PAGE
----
Etta James used to tell a story about meeting Billie Holiday in which Holiday told her—fatherless wild child to fatherless wild child—not to let the bad men and drugs that were going to come her way destroy her. Something about that brief conversation must’ve stuck, because despite many misadventures with drugs and men over the years, James was sober by the time I met her in the early ’90s and carefully planning the comeback which won her new contracts, tours, awards, and laurels. James lived to see her role as a musical pioneer boldly re-inscribed in America’s public memory, then capped her legacy with a magnificent final album mere months before her death in Riverside, Calif., on January 20, just five days short of her 74th birthday.
The cosmic coincidence of Etta’s first commercial producer Johnny Otis dying only days before she passed underscores the importance of their collaboration. She approached the bandleader/talent scout because of his reputation around black Los Angeles as an offbeat visionary who could make things happen. She knew that if her intimidating package of jailbait-mojo didn’t scare him off (as it almost did) they could make successful recordings together.
Like Aretha, James—born Jamesetta Hawkins—learned to sing in her local church choir, but the Los Angeles scene didn’t sound like Detroit, Chicago, New York, Philly, Memphis or N’awlins. Despite migration, touring, and national radio, each city created its own flavor of what Billboard would call “race music,” and the Baptist church a pre-pubescent James shared with jazz-gospel legend Sister Rosetta Tharpe was famous for cultivating versatile, powerful performers.
Otis (nee John Veliotes, a Greek-American musical entrepreneur who chose to identify as black) met the half-black Hawkins, who believed Minnesota Fats was her missing deadbeat dad, in 1954. He changed her name and the name of the girl trio she’d formed to record with, then released “Etta”‘s first r&b chart hit when she was 15: a provocative answer record to Hank Ballard’s “Work With me Annie” variously called “The Wallflower/Roll with Me Henry.”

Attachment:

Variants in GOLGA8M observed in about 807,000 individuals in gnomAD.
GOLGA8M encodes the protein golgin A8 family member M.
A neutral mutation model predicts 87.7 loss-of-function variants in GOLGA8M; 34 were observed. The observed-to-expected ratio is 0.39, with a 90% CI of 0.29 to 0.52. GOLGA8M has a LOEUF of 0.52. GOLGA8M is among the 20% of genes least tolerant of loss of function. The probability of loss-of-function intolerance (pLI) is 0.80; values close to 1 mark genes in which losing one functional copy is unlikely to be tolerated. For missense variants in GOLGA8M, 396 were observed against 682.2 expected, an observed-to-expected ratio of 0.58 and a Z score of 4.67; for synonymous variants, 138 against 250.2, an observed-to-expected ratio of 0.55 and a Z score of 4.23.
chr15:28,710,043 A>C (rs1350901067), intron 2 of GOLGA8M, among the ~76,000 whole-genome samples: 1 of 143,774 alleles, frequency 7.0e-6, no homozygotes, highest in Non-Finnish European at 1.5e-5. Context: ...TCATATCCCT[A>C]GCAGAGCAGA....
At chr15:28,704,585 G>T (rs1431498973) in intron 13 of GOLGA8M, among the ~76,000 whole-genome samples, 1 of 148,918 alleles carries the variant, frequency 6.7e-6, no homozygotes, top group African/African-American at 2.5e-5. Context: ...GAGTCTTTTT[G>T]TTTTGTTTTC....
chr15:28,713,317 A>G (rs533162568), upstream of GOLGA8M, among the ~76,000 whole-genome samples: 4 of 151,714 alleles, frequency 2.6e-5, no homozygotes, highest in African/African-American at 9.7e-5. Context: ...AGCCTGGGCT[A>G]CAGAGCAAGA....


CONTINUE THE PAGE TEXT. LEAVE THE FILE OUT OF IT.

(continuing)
By producing this sex-positive track for Modern Records, Otis coincidentally established James as a rock and roll rebel alongside the likes of Little Richard, Chuck Berry, and Jerry Lee Lewis—long before young females were fully accepted into the more genteel doo-wop scene, which filled the pop charts with Brill Building girl groups during the 1960s.
Etta’s move from California’s Modern label to Chess Records in 1960 would further separate her from her Brill Building peers by placing her among a roster of rough and ready bluesmen, with whom she was all too willing to compete in sound and style. Although happy to make silky crossover ballads like “At Last,” she equally enjoyed sending rockin’ dance numbers like “Tell Mama” or “Something’s Got A Hold On Me” up the r&b charts. “Some people call me a jazz singer, and some call me a rock or blues singer,” she once quipped, “but if it’s about work I don’t care what they call me, as long as they call me.”
Etta James, “Tighten Up Your Own Thing”
In the 1970s changes in public taste further challenged chart success and diversified James’s material. You can hear Norman Whitfield and Curtis Mayfield riffs in the grooves of some of her ’70s albums, although what was left of the Chess braintrust tried to steer her in a rock direction. Even Jerry Wexler, long a fan, was invited on board to do some sessions with her in 1975. Her street cred among rock royalty like the Rolling Stones got James the opening slot on some of their tours, but most of the 1980s became a fallow time for the singer, who got rid of a heroin addiction only to fall prey to the trendy allure of cocaine. She would resurface on Island Records in 1989 with two new albums, Seven Year Itch and Stickin’ to My Guns, which led to interest from Elektra, for which Jerry Wexler produced The Right Time in 1992.